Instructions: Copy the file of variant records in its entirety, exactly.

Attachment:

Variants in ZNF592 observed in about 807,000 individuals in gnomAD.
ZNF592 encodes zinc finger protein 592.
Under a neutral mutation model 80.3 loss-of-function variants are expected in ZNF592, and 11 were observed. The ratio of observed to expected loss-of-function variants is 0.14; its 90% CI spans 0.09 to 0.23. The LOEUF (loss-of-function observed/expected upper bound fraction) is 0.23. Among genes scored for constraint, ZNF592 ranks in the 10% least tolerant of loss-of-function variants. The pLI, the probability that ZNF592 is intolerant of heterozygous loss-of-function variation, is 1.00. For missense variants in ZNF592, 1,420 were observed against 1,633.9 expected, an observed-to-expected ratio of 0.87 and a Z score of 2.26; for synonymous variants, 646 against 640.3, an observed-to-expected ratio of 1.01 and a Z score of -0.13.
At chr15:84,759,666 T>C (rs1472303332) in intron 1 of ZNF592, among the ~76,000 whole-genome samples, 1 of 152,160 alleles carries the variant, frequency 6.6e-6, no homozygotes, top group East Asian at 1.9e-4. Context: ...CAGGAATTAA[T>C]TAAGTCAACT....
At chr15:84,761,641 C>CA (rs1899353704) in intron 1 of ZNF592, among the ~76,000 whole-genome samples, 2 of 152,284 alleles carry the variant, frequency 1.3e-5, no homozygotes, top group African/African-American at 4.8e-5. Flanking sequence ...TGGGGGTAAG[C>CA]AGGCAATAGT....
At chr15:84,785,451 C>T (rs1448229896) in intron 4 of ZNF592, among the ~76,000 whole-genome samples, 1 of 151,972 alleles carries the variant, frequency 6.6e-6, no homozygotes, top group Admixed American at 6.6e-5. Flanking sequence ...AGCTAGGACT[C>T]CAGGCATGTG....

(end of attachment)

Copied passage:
Variants in ZNF592 observed in about 807,000 individuals in gnomAD.
ZNF592 encodes zinc finger protein 592.
Under a neutral mutation model 80.3 loss-of-function variants are expected in ZNF592, and 11 were observed. The ratio of observed to expected loss-of-function variants is 0.14; its 90% CI spans 0.09 to 0.23. The LOEUF (loss-of-function observed/expected upper bound fraction) is 0.23. Among genes scored for constraint, ZNF592 ranks in the 10% least tolerant of loss-of-function variants. The pLI, the probability that ZNF592 is intolerant of heterozygous loss-of-function variation, is 1.00. For missense variants in ZNF592, 1,420 were observed against 1,633.9 expected, an observed-to-expected ratio of 0.87 and a Z score of 2.26; for synonymous variants, 646 against 640.3, an observed-to-expected ratio of 1.01 and a Z score of -0.13.
At chr15:84,759,666 T>C (rs1472303332) in intron 1 of ZNF592, among the ~76,000 whole-genome samples, 1 of 152,160 alleles carries the variant, frequency 6.6e-6, no homozygotes, top group East Asian at 1.9e-4. Context: ...CAGGAATTAA[T>C]TAAGTCAACT....
At chr15:84,761,641 C>CA (rs1899353704) in intron 1 of ZNF592, among the ~76,000 whole-genome samples, 2 of 152,284 alleles carry the variant, frequency 1.3e-5, no homozygotes, top group African/African-American at 4.8e-5. Flanking sequence ...TGGGGGTAAG[C>CA]AGGCAATAGT....
At chr15:84,785,451 C>T (rs1448229896) in intron 4 of ZNF592, among the ~76,000 whole-genome samples, 1 of 151,972 alleles carries the variant, frequency 6.6e-6, no homozygotes, top group Admixed American at 6.6e-5. Flanking sequence ...AGCTAGGACT[C>T]CAGGCATGTG....